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Tuesday, 16 June 2009

Traprain Law and Home







Finally, Tuesday dawned damply and I was trapped inside the soggy lump I laughingly describe as a tent until, about eightish, I think, the sun came out and my besiegers, who had somehow got hold of a trebuchet, all slinked off to their midgie cellars. So I packed everything up and hurtled off to Tyndrum for an all-day-breakfast (9 till 11)
On the way home, I paid a brief visit to Traprain Law, which is just off the A1 near (ish) to Dunbar (might have set some speed cameras off on the A1 by the way (dhuhhhh)
Anyway, Traprain Law is a large volcanic plug sitting in some very lush farming country. As is the way with volcanic plugs, it has very steep and rocky sides.
These two things, and, probably, the fact that you can get a very nice view of a large slice of coast from the top, could well have been the reason why the local British tribe, the Votadini, chose it for a capital. These Votadini were allied to Rome and kept this fortress well into the 5th century, at which point, it would appear that they moved to Edinburgh – probably just that bigger rock and just that bit further away from the naughty Northumbrians. They weren’t particularly friendly with the folks over at Trimontium, as it happens (remember them?) I expect that when the roman men they go house, there could have been some friction with the chaps at Melrose…..
The legend of St Mungo who is linked to Traprain Law is here http://www.undiscoveredscotland.co.uk/usbiography/mno/saintmungo.html

Anyway, it’s a cracking place to fill half an hour if you’re going up or down the A1.
There’s probably just about a mile of walking and a couple of hundred feet climbing to get on the top.
This is the end of the Glen Etive thing. There will be no more Scottish stuff for a while. I have socks to wash.

8 comments:

beatingthebounds said...

Good luck with the sock washing.
Your Glen Etive accounts have had me chuckling loudly (bit embarrassing when there's work to be done.)
Cheers.

John J said...

You should try Smartwool socks - they don't need washing.

A nice write-up Mike.

TTFN

mike knipe said...

Cheers for the sock washing comments boys - but, yes, John J, smartwool socks - what an excellent Fathers day or early birthday present they would make eh?
No longer will your old socks be used as an alternative anaesthetic for needle-phobics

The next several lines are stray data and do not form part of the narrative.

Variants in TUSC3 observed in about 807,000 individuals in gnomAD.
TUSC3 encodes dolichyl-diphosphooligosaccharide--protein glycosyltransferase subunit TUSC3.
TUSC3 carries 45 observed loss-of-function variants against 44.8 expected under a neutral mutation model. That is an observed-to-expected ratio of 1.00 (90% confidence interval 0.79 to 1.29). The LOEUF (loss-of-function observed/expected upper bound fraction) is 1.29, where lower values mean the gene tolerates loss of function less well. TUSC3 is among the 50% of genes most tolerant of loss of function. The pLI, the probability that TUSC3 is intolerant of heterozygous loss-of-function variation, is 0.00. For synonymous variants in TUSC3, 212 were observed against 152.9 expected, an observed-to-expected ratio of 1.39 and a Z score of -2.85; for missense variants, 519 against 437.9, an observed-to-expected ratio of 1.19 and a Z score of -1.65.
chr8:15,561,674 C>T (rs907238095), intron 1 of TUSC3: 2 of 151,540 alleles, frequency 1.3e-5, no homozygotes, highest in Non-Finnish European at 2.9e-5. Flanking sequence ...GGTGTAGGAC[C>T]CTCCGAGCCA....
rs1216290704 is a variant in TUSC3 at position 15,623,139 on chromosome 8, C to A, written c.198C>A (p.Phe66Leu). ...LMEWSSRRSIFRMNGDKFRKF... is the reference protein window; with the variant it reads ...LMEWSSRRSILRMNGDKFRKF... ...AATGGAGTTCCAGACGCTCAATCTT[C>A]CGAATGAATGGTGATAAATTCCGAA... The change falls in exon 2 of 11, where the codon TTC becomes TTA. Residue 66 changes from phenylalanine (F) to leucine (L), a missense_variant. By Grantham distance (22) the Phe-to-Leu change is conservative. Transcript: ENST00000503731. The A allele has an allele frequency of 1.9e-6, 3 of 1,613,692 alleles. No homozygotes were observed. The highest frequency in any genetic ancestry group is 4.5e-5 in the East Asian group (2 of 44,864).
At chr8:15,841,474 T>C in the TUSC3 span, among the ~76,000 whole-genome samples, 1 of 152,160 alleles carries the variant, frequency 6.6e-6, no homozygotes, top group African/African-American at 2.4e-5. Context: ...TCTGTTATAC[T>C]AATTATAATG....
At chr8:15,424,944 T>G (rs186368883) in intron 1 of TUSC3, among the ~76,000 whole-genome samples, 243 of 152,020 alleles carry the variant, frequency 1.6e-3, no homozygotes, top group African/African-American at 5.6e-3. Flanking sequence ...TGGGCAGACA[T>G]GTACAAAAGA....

Thats Smart Wool socks - they're great.
Be Smart - wear Smart Wool.

[Cheers for that John, I owe you another pint, probably, depending on results]

Martin Rye said...

You had a fine old time up in the highlands then. Good photos as well as walks.

Paul S said...

I'm another one who had some strange looks at work, still I suppose they must wonder why I'm laughing out loud, nothing normally to chuckle about in here!
Love the historical notes by the way, some fasinating hill names!

mike knipe said...

Martin and Paul - I hate to mention this, but its now traditional, close to fathers Day, Birthdays (early November) and Christmas, to mention potential presents for hillwalkers kid's Dads in your comments.
Just a thought, there.
Not that i'm bothered, but a moderator's job isn't easy y'know...

Paul S said...

Sorry Mike, glad you reminded me, I forgot to mention that my dad had hinted that it would take a very special son/daughter to supply him with what he really wanted, a waterproof midgyproof tent. Not sure what brought that to mind! However I can usually get away with giving him some quality walking socks, he especially likes smartwool funnily enough.

mike knipe said...

Hmm.. smartwool eh?[rubs chin] You're right, Paul, they'd make an ideal present [thumbs up]
Any dad would be proud of his kids if they bought him SMARTWOOL socks.[holds up pair of socks]

Thats Smartwool! The walkers choice. [cue music and sequence including "Dad" (square jawed, tanned country type) marching manfully over desolate North Pennine landscape]

Or a bottle of malt...

Or some jelly babies.